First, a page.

• weweedman

    I always heard that “bought the farm” meant that 6×6 plot every servicemember is entitled to if one dies in combat…a gravesite.

    • Lacy

      I used the term, “sell the farm paw, I just hit 17 with a 5. (A blackjack term meaning you busted with the number 22….21 was a winning hand….

    • norwood hux

      that what i thought it meant too

  • JGinSC

    What happened to ‘FIGMO?’

    • doolish


    • Coastie Mom

      My son is in FIGMO mode right now. He departs his unit July 7th.

  • Chaz

    “Balls to the Wall” pre-dates the steam engine and the airplane; it originally referred to moving cannon “balls” “to the wall” as quickly as possible during an attack. Speed was implied.

  • Rasputin

    I always laughed when the old movies would say “ROGER, WILCO, OVER AND OUT”.

    • Jay

      Except that was correct on single band radio. Roger (received), Wilco (will comply), Over (end line), Out (End transmission)

      • jj1013

        Except that “Wilco” implies “Roger” and when using “Out” the use of “Over” is redundant. You can’t comply to something you haven’t received, so the response that you will comply is sufficient. If you are “over” you are turning the channel over to the other person, if you are “out” you are ending transmission, so there is no use for “over.” The correct usage would be “Wilco, out.”

  • WJN

    “Roger that” does not mean “yes”. It means I understood your transmission. It is still used in aviation today

  • Abby potter

    My dad would say chow down for

    all hands on deck ,the wall was a bulkhead, the bathroom was a head

  • Gunny

    And the Civs think Shake n Bake is what you us to fix chicken in the oven!

  • R. DeVore

    “Bought The Farm” originated in WWII until Jan 1957 When the Military was put under Social Security.
    The term meant that at the military member’s death, the family received a $10,000 death benefit from the government, or enough to pay off the farm (in those days). In Jan 1957, the Military took away
    the free insurance and replaced it with Survivor’s Benefit. A Military member had to furnish his own
    life insurance unless he had dependents.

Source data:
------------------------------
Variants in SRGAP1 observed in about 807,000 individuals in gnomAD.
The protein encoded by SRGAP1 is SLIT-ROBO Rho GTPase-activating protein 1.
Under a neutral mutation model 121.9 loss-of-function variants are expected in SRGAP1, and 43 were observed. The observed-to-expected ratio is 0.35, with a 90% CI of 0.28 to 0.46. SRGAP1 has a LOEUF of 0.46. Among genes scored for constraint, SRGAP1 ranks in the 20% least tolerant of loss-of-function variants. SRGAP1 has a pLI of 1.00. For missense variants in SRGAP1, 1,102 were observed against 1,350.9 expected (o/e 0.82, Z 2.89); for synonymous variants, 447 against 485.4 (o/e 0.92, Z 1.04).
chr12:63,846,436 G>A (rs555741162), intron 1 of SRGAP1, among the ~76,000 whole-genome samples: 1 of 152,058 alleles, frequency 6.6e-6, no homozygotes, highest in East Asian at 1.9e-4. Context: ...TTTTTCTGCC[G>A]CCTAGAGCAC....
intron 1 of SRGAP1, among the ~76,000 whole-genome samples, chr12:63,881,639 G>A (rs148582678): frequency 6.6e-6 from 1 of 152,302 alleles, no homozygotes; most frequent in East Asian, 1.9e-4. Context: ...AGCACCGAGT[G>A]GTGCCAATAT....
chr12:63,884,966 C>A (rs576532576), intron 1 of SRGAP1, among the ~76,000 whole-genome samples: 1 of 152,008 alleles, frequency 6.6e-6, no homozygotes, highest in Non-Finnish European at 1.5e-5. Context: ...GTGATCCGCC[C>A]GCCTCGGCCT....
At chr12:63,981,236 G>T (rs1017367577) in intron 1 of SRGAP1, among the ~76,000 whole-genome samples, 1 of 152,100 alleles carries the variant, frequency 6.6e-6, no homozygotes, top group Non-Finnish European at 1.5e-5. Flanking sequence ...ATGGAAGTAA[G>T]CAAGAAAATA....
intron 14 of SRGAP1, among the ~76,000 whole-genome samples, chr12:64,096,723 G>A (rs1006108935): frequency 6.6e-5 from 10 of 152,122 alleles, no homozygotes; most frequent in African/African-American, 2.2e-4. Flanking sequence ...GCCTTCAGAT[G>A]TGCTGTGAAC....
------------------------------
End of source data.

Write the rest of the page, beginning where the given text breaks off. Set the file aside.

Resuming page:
• Sea Dog

    What is even more appalling is the top-level brass, at the Pentagon, using corporate doublespeak. Their jargon makes them appear to be more closely aligned with their military supplier cronies than their warrior subordinates.

  • Mike

    Perhaps these phrases (and others) are being used more often in civilian life due to our military personnel integrating back into civilian life after their tenure in our armed forces. It’s hard to drop jargon after using it for many years.

  • Danielle

    I’m a spouse(Army) building a health &wellness program for military spouses (from all branches) and wanted to call it ‘got your 6’ but it’s now being used for a full blown mental health initiative. Any suggestions on jargon that would be recognized AND inspiring/empowering/impactful? Seems the media world is coining all the good phrases :)

  • Johnny Boy

    “No mans land” was an area which contained mines separating armies during WWI. This term was also used by my prison where I worked as a Correctional Officer. It was the area between the perimeter fences. The gun tower had orders to shoot to kill before you made it over the first fence. If you made it over the first fence.The electrified fence was the middle fence and it would fry you. It was an area where no man could survive without being killed. “No mans land”.

  • Johnnyboy

    Boot camp is one term I hear a lot. Java, regular Joe, spit and polish. I’m hearing “Going commando” on TV now. G.I’s brought back foreign terms also “Out in the boondocks” (Filipino for mountain). Honcho (Japanese for boss), Chow (Chinese for eating/food), Gung Ho (Chinese for dedicated, team work). He ran “Amok” (Filipino for going crazy/wild).

    • jhamlet74

      Um… going commando just means that you’re not wearing underwear. That’s what civilians recognize it as, anyway….

  • James

    The phrase “Mind your p’s and q’s” also has a military origin. This phrase originally meant for sailors to watch how many pints and quarts they drank between paydays. This phrase originated during the colonial days when sailors got paid on a sporadic basis. When the sailors got paid, they had to settle their bar debts, paying for each pint and quart of alcohol they drank. When a sailor’s bar tab was getting high, the bartender would tell the sailor to mind his p’s and q’s, which meant watch how much alcohol the person drank.

  • Tim

    Another old one that went away: WETSU. In Basic, we were told it was Korean for “Let’s work as a team” and we were incessantly ordered to yell it as loud as we could. We didn’t find out until much later that it
    stood for We Eat This Sh** Up.

  • Sp4 Ft.Riley

    Does anyone know the Navy fighter aircraft that are shown in the photo.?
    I know one is the F-4 Phantom but I don’t know the others.

    • Ted

      Looks like a Douglas convair
      Douglas skyraider
      and of course the F-4
      I believe all were made my the Douglas Corp which emerged into McDonnel-Douglas and eventually to Boeing

  • Ted

    I did not see ASAP “As soon as possible”